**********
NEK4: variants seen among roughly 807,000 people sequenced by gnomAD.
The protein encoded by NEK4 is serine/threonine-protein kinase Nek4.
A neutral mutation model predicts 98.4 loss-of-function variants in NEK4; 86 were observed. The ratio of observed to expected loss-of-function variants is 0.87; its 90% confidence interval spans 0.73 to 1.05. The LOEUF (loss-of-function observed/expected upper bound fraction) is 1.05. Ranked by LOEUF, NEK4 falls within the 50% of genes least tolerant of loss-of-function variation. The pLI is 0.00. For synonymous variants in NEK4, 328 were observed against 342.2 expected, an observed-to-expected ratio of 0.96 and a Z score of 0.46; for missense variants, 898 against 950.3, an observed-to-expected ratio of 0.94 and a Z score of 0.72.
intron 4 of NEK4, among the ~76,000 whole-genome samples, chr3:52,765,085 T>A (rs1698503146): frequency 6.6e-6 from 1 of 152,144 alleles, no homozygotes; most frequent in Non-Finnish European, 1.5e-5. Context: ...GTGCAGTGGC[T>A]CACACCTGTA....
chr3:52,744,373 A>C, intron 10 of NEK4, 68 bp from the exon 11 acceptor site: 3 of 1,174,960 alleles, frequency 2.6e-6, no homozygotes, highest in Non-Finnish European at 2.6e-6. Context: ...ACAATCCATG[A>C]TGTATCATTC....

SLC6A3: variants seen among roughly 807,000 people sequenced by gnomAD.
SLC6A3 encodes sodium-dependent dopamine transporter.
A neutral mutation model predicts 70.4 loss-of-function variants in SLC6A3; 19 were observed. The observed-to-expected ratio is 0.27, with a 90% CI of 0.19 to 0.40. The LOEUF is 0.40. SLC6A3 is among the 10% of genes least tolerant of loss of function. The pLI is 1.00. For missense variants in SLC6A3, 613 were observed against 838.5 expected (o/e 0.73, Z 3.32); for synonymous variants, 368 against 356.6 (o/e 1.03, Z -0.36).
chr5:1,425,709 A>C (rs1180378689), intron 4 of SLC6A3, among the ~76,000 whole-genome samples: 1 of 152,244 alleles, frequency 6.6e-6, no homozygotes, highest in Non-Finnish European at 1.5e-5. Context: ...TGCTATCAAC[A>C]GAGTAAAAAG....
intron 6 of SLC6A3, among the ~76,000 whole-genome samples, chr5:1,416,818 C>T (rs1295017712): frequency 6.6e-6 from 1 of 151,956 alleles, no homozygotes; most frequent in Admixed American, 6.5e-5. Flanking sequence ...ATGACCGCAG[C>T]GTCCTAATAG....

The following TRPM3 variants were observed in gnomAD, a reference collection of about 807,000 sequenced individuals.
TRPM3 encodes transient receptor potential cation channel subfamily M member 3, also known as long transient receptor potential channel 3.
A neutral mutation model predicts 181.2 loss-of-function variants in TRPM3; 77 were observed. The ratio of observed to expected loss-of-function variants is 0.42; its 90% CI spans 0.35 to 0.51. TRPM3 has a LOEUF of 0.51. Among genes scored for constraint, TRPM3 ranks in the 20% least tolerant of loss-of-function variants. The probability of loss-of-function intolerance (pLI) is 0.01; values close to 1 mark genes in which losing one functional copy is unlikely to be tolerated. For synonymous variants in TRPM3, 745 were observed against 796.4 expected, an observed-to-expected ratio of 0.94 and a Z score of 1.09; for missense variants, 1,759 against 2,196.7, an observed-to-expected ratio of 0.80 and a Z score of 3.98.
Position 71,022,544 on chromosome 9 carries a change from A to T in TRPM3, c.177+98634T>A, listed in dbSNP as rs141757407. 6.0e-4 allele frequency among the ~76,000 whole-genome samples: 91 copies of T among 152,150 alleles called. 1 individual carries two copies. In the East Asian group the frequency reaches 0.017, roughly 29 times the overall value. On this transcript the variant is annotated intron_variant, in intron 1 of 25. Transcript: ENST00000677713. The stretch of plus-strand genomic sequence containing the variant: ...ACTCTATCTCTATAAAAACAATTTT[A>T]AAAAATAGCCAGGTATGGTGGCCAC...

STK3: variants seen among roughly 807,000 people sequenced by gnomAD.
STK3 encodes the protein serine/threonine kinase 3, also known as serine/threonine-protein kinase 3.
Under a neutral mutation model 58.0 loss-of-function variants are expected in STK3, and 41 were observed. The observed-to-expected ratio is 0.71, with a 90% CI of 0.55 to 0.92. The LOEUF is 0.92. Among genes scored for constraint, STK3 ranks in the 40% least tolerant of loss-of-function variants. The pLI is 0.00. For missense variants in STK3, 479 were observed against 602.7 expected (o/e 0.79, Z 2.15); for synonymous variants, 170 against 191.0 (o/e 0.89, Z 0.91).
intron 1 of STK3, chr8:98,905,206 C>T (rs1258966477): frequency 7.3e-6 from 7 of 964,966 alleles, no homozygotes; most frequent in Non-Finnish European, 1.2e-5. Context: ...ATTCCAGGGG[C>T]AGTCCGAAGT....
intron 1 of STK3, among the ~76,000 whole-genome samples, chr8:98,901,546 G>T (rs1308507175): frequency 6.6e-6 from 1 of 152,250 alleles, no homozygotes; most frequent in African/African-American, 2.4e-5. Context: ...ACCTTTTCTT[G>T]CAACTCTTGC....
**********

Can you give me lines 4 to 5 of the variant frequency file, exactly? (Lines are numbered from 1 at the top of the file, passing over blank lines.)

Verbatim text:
intron 4 of NEK4, among the ~76,000 whole-genome samples, chr3:52,765,085 T>A (rs1698503146): frequency 6.6e-6 from 1 of 152,144 alleles, no homozygotes; most frequent in Non-Finnish European, 1.5e-5. Context: ...GTGCAGTGGC[T>A]CACACCTGTA....
chr3:52,744,373 A>C, intron 10 of NEK4, 68 bp from the exon 11 acceptor site: 3 of 1,174,960 alleles, frequency 2.6e-6, no homozygotes, highest in Non-Finnish European at 2.6e-6. Context: ...ACAATCCATG[A>C]TGTATCATTC....